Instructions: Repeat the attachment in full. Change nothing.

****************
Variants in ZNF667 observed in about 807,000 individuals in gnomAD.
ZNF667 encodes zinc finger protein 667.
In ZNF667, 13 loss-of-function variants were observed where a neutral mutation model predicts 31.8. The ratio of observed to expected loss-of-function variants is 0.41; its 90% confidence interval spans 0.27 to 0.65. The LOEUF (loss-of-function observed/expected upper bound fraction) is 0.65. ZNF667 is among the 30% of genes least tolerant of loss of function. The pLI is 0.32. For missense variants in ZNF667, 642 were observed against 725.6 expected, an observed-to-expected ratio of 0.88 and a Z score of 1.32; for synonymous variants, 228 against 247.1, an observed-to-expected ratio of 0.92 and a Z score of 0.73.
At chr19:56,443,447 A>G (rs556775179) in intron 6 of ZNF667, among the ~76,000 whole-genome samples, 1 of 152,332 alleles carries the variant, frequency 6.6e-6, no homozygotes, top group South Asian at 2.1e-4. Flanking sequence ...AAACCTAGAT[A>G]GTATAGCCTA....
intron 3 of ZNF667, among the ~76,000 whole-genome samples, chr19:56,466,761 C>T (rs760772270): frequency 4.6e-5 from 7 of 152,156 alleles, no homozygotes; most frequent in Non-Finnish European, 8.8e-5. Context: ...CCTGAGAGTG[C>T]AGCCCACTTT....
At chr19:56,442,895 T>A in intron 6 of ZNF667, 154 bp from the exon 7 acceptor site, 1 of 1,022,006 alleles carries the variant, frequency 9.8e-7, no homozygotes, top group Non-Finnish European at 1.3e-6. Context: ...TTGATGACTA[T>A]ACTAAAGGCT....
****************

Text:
Variants in ZNF667 observed in about 807,000 individuals in gnomAD.
ZNF667 encodes zinc finger protein 667.
In ZNF667, 13 loss-of-function variants were observed where a neutral mutation model predicts 31.8. The ratio of observed to expected loss-of-function variants is 0.41; its 90% confidence interval spans 0.27 to 0.65. The LOEUF (loss-of-function observed/expected upper bound fraction) is 0.65. ZNF667 is among the 30% of genes least tolerant of loss of function. The pLI is 0.32. For missense variants in ZNF667, 642 were observed against 725.6 expected, an observed-to-expected ratio of 0.88 and a Z score of 1.32; for synonymous variants, 228 against 247.1, an observed-to-expected ratio of 0.92 and a Z score of 0.73.
At chr19:56,443,447 A>G (rs556775179) in intron 6 of ZNF667, among the ~76,000 whole-genome samples, 1 of 152,332 alleles carries the variant, frequency 6.6e-6, no homozygotes, top group South Asian at 2.1e-4. Flanking sequence ...AAACCTAGAT[A>G]GTATAGCCTA....
intron 3 of ZNF667, among the ~76,000 whole-genome samples, chr19:56,466,761 C>T (rs760772270): frequency 4.6e-5 from 7 of 152,156 alleles, no homozygotes; most frequent in Non-Finnish European, 8.8e-5. Context: ...CCTGAGAGTG[C>T]AGCCCACTTT....
At chr19:56,442,895 T>A in intron 6 of ZNF667, 154 bp from the exon 7 acceptor site, 1 of 1,022,006 alleles carries the variant, frequency 9.8e-7, no homozygotes, top group Non-Finnish European at 1.3e-6. Context: ...TTGATGACTA[T>A]ACTAAAGGCT....